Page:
Hyde Park Zoning Board of Appeals
Mobil permit determinations upheld
At its March 26 meeting, the Zoning Board of Appeals voted to uphold a determination on signage for the Chestnut Mobil Mart at 1110 Violet Avenue. The developer, CPD Energy, had appealed a decision by Zoning Administrator Kathleen Moss that denied the company sign permits.
The two questions at hand were whether a sign placed on the valance of a gas station canopy is considered part of the roof — and therefore prohibited — and whether the proposed band of solid blue paint on the valance of the gas station canopy would be considered part of the proposed sign area. Moss had found that a gas station canopy is a roof, so no signs are permitted there, and the band would be considered part of the signage, which is subject to a limit.
The ZBA affirmed Moss’s determinations and the motion carried unanimously. Public hearings for the two other decisions requested by Chestnut Mobil Mart will be continued at the meeting April 23.
Salt Point Turnpike privacy fence approved
Also on March 26, Rosa Theiss of 537 Salt Point Turnpike came before the ZBA for a variance to put up a privacy fence. Originally, the fence was proposed for 6 ft. high, but Theiss changed her request to 8 ft.
A neighbor, James Runza, spoke at the public hearing to ask whether there would be a setback for the fence because he was concerned about incursion into his yard. Board member Stanley Frangk and attorney Victoria Polidoro said if the variance passed, no setback would be required and the fence could be placed anywhere from the property line to 25 feet back. The public hearing was closed and the variances were passed unanimously by the board.
Creek Road fence variance requested
Eileen West came before the ZBA to represent Robert J. Lee of 541 Creek Road in requesting a variance for an already erected privacy fence. Lee requested a height change from 6 ft. to 7 ½ feet for one fence, where 6 ft max. is allowed, but West explained that her client had been contacted about another fence, as well, that also has an excessive height. A public hearing was set for the May 28 ZBA meeting. In the meantime, the board’s attorney, Victoria Polidoro, suggested that Lee and West get comparative information to show that the fences have no impact on the community, but in the case that an impact is proven, Polidoro added that there will be a proposed plan to mitigate the fence’s impact. Polidoro also requested that the ZBA conduct a site walk of the property.
Hyde Park Planning Board
Dollar General site plan presented
Lead developer Todd Hamula of Zaremba Group LLC and engineer John Andrews of Engel & Associates presented a site plan for their client, Dollar General, to the Planning Board at their April 2 meeting. Hamula proposed a fence, septic and stormwater for the site at 1049 Violet Avenue and discussed options such as porous pavement or catch basins for drainage. The board’s main concerns were the issue of drainage and why the company found it necessary to construct a new building rather than moving into a vacant space in the area.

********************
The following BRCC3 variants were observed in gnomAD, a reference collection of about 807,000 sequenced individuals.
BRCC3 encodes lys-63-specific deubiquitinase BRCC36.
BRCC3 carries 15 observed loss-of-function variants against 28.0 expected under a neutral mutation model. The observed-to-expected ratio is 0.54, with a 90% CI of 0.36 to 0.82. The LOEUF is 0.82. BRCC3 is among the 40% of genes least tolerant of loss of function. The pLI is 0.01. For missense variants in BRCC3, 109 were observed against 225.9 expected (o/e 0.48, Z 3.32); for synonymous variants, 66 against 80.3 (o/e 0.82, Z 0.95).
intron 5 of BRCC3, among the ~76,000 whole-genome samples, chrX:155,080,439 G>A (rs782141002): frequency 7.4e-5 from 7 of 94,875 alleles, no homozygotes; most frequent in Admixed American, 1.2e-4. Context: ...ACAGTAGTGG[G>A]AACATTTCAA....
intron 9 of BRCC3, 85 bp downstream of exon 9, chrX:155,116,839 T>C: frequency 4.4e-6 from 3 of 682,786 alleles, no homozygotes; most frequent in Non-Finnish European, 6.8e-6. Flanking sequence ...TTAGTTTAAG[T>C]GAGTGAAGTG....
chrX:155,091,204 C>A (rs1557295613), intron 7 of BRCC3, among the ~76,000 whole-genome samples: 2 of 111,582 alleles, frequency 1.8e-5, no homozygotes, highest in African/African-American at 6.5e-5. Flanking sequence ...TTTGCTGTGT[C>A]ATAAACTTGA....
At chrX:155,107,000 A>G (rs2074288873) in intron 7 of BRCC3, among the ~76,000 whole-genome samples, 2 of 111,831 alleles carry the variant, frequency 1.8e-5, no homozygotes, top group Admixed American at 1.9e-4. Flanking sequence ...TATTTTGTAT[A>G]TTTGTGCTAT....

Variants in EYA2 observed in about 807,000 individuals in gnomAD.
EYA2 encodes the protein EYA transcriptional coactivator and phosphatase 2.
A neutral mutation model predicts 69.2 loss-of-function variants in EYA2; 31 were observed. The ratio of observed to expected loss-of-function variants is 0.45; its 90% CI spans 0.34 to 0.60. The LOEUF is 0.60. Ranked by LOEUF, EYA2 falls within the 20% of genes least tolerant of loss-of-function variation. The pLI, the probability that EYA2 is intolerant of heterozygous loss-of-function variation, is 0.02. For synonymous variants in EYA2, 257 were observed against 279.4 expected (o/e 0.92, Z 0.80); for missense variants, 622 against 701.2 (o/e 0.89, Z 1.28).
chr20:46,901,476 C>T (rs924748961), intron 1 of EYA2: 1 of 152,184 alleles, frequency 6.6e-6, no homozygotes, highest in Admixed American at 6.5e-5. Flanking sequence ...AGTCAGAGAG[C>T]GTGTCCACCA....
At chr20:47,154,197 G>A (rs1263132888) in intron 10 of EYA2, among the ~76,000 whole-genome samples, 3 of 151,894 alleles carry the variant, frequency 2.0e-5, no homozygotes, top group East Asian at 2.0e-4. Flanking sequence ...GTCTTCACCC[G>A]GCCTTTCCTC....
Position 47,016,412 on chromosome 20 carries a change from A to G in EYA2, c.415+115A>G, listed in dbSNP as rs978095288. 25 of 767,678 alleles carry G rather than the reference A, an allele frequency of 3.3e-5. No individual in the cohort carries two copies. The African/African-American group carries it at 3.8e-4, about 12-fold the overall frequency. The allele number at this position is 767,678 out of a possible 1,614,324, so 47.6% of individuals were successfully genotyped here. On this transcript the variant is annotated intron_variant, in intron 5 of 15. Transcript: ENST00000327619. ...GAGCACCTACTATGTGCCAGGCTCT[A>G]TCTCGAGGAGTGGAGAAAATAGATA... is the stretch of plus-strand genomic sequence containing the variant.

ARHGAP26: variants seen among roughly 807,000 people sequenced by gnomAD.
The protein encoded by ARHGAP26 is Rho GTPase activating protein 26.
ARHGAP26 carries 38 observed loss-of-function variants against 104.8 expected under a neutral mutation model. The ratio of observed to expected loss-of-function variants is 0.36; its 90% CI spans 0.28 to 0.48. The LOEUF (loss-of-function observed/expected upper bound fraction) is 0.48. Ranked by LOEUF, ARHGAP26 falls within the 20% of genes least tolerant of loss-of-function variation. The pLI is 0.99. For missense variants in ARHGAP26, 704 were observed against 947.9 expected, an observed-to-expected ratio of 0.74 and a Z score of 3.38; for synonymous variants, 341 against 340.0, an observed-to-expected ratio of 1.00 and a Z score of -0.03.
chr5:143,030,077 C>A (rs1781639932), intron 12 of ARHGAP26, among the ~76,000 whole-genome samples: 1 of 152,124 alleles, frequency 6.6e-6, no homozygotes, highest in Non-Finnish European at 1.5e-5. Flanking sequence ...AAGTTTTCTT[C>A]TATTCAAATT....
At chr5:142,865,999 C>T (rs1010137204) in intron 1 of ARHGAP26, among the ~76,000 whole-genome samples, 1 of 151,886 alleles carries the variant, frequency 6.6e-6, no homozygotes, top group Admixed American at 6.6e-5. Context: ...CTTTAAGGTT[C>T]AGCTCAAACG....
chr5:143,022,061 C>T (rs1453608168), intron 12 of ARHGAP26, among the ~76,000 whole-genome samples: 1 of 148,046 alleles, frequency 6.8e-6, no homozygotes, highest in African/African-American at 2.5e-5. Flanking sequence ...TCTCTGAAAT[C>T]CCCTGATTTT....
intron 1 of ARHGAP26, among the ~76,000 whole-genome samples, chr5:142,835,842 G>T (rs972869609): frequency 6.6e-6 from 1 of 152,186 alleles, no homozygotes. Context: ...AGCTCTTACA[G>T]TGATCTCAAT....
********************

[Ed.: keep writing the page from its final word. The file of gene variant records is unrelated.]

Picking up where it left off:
Board chair Michael Dupree also pointed out that significant environmental data and traffic reports were absent from the application and would need to be included before the plan could be circulated to the fire department and prepared for a future planning board meeting.
Colonial Plaza sign approved
Zoning Administrator Kathleen Moss submitted a recommendation for a sign permit for Hyde Park Nail & Spa, a new business moving into the Colonial Plaza at 3979 Albany Post Road. The sign is similar in design to the one for Dunkin Donuts, which is in the same plaza. Board member Anne Dexter commented that she liked the sign and that it was “a good format.” The board approved the recommendation unanimously.
Town of Clinton Zoning Board of Appeals
Area variance on Stissing View Dr. approved
At its March 27 meeting, the Zoning Board of Appeals approved an area variance for Nancy Packes, represented by John Andrews, of 27–37 Stissing View Drive. The planning board’s Feb. 18 approval of Packes’ subdivision of a 26.1-acre parcel into two lots of 10.02 acres and 16.08 acres was conditional on securing this variance.
The 10.02-acre lot includes a 1,748 sq. ft. primary dwelling and a pre-existing, non-conforming caretaker’s residence of 752 sq. ft. The zoning code requires that an accessory dwelling be less than 35 percent of the habitable space of the primary dwelling or 1,000 sq. ft., whichever is smaller, so the area variance of 140 ft. brought the accessory dwelling into compliance.
One neighbor spoke at the public hearing to note the tidy appearance of Packes’ property and urge the ZBA to grant the variance. The board approved the area variance, agreeing that it was straightforward and preferable to obtaining the four variances that would have been required if Packes had proceeded with her original plan to convert an existing barn into her primary residence without subdividing her property.